Nov 10, 2020
Federal labor laws and Ohio laws for tipped employees can often be difficult to navigate and understand. If you are a tipped employee, you may be wondering, “do tipped employees get paid overtime?” or “how do I calculate the overtime wage for tipped employees?” While every case is different and merits its own review, we hope this article provides general guidance.
Under the Fair Labor Standards Act (“FLSA”), employees are eligible to receive overtime if they are considered “non-exempt.” Determining whether an employee is non-exempt deserves its own article as making that determination is difficult and fact intensive. However, for purposes of this article, under federal and Ohio labor laws, tipped employees usually are eligible to receive overtime pay. If you have questions about whether you are a non-exempt employee, we would encourage to you to call a Columbus wage and hour attorney.
The FLSA also requires that employees be paid at least $7.25 per hour. This is true regardless as to whether the employee receives tips or not. However, for employers who have tipped employees, the FLSA permits the employer to take a “tip-credit”, which lessens the employer’s obligations to pay $7.25 per hour to those employees. This is why tipped employees are often paid at a lesser rate. Although employers may get credit for its employees receiving tips, the employer may not pay less than $2.13 per hour to the tipped employee as a direct wage. If the employer pays less or does not pay a direct wage at all, it is a violation of the FLSA.
The reason employers may pay less is the thought that the employee’s tips, along with the direct way the employer pays, will allow that employee to earn at least minimum wage. However, if the employee receives less than minimum wage after combining how much the employer pays plus the tips, the employer must pay the difference to ensure that the employee makes minimum wage.
In addition to the minimum wage, the FLSA also requires employers to pay its eligible employees overtime wages for all hours worked beyond forty hours per work week. In general, the overtime rate an employer must pay is one and one-half times the employee’s “regular rate of pay.” However, for purposes of determining “regular rate of pay” for tipped employees, employers often mistakenly use the employee’s direct wage that the employer pays before the employee receives tips—such as the $2.13 it pays its employees per hour. It then mistakenly pays its tipped employees an overtime rate of $3.20/hour, which is one and one-half times $2.13 per hour. However, this is incorrect and unlawful under the FLSA. Rather, the FLSA requires that employers use the federal minimum wage ($7.25/hour) as the tipped employee’s regular rate of pay. The employer may then factor in its tip credit to determine what the overtime wage should be.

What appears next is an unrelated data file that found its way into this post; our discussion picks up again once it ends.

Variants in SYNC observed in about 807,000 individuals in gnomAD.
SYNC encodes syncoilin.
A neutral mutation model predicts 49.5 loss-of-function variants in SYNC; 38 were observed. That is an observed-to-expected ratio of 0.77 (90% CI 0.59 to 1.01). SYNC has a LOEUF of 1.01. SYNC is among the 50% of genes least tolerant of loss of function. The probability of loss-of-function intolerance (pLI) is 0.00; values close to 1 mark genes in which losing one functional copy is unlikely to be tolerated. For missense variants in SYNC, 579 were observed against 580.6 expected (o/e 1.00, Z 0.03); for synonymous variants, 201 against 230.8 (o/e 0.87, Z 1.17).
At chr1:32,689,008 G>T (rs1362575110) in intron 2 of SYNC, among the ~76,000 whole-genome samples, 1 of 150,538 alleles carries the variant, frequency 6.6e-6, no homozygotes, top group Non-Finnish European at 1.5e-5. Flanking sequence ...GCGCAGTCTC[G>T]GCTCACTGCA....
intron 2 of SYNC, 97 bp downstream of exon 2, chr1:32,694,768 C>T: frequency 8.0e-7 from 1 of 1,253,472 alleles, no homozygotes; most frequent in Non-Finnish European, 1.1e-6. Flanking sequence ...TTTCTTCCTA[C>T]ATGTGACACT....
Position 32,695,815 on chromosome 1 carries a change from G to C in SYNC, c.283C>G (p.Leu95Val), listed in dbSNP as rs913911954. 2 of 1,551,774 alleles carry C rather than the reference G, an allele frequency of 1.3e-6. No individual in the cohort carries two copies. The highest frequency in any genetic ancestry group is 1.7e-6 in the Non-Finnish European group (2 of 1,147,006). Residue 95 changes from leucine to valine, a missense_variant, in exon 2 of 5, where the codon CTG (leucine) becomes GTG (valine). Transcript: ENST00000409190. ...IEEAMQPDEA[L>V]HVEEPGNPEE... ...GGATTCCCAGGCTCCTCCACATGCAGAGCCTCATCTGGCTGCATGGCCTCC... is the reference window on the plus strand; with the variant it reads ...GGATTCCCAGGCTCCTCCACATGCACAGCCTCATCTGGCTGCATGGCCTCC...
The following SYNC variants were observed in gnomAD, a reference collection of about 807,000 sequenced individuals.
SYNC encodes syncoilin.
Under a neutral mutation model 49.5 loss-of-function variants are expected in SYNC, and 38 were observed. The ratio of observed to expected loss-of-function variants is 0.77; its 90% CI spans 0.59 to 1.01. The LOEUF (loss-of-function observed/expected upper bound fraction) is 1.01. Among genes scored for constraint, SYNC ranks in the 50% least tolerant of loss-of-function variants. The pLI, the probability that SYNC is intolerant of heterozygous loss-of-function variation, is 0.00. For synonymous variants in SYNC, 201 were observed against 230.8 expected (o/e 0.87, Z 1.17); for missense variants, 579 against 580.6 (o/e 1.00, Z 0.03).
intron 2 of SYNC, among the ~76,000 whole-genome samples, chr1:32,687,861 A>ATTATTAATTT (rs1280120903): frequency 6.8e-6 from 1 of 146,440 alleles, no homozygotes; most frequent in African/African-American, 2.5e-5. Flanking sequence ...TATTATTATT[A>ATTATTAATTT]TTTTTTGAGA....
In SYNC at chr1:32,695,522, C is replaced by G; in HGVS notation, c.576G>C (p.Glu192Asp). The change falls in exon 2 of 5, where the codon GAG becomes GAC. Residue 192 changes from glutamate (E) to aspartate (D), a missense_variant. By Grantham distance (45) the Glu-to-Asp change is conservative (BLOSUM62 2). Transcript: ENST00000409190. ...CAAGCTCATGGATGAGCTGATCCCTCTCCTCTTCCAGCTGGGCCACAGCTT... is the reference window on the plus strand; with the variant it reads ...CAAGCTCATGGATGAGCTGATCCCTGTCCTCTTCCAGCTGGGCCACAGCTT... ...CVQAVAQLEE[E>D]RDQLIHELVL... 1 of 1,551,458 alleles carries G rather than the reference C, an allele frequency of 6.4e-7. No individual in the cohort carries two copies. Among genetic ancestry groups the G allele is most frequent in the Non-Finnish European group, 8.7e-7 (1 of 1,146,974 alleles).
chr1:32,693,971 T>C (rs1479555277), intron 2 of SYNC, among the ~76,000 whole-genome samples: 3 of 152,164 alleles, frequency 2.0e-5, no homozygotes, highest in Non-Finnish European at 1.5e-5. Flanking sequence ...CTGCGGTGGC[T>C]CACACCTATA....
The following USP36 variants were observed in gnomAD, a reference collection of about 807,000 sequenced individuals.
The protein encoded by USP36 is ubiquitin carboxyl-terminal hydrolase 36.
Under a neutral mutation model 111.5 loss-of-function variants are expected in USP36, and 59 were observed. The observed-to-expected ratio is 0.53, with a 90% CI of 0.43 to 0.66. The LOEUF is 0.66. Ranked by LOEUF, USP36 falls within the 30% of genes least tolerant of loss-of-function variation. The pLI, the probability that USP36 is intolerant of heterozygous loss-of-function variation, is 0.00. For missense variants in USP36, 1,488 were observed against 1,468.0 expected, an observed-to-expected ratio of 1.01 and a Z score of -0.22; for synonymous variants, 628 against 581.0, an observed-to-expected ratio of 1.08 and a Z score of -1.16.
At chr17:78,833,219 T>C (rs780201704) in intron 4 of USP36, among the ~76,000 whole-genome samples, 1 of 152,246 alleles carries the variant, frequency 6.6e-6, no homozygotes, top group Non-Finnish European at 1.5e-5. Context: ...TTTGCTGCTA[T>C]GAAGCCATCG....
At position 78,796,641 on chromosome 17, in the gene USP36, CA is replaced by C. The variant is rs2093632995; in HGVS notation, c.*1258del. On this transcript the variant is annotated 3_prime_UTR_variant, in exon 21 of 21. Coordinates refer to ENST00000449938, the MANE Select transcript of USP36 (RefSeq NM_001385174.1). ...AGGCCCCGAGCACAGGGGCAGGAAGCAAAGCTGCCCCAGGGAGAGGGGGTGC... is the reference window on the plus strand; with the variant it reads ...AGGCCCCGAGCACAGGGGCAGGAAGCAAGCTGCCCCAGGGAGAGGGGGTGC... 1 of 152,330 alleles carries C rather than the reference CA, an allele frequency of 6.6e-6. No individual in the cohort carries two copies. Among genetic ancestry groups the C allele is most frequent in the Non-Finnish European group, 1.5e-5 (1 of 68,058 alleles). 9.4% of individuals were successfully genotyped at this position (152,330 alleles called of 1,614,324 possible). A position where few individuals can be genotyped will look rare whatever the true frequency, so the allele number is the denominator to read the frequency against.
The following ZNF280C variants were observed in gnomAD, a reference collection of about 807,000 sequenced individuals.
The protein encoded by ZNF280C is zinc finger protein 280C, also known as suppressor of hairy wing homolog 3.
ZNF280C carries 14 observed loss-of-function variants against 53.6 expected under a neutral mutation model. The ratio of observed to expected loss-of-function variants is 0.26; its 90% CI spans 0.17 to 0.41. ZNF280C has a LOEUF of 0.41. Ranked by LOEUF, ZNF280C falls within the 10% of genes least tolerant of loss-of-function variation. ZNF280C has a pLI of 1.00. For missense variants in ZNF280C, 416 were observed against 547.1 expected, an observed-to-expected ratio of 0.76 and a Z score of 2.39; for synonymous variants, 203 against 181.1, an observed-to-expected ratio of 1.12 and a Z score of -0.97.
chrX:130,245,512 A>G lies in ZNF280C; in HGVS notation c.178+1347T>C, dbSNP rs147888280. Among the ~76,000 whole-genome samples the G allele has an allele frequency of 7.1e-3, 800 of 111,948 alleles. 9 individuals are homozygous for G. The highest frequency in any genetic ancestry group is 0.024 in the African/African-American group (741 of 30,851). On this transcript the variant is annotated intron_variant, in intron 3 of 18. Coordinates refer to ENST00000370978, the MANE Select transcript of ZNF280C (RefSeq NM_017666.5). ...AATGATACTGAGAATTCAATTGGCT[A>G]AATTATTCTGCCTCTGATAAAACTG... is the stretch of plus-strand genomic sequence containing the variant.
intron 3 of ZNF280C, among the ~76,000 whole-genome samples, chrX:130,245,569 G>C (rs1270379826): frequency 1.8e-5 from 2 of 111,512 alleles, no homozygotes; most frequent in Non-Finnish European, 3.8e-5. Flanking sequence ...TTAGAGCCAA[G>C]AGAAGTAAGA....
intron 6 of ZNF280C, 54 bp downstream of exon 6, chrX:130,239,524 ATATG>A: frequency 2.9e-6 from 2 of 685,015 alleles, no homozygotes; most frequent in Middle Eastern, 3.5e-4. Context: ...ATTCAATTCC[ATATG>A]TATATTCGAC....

The following are steps for how to calculate overtime pay for tipped employees:
For illustration purposes, the below example is how to figure out overtime wages for a tipped employee receiving $2.13 per hour as a direct cash wage from her employer during regular hours.
If you are owed unpaid overtime wages because your employer has not paid you the correct overtime wage as a tipped employee, you can file a private lawsuit. Other employees, who have suffered the same violations from the employer, may also join together and bring one lawsuit against the employer, which is known as a collective action.
If an employee successfully proves that his or her employer violated the FLSA by failing to pay the correct overtime wages, the employer may be responsible for paying the employee the following:
At Brian G. Miller Co., L.P.A., our Columbus wage and hour attorneys represent individual employees and groups of employees who have not been paid the correct overtime wages.
If your employer has failed to pay your overtime correctly, or if you have general questions about whether your employer has violated federal and Ohio overtime laws for tipped employees, please call (614) 221-4035 or click here to schedule a free consultation with a trusted and respected wage and hour attorney at Brian G. Miller Co., L.P.A.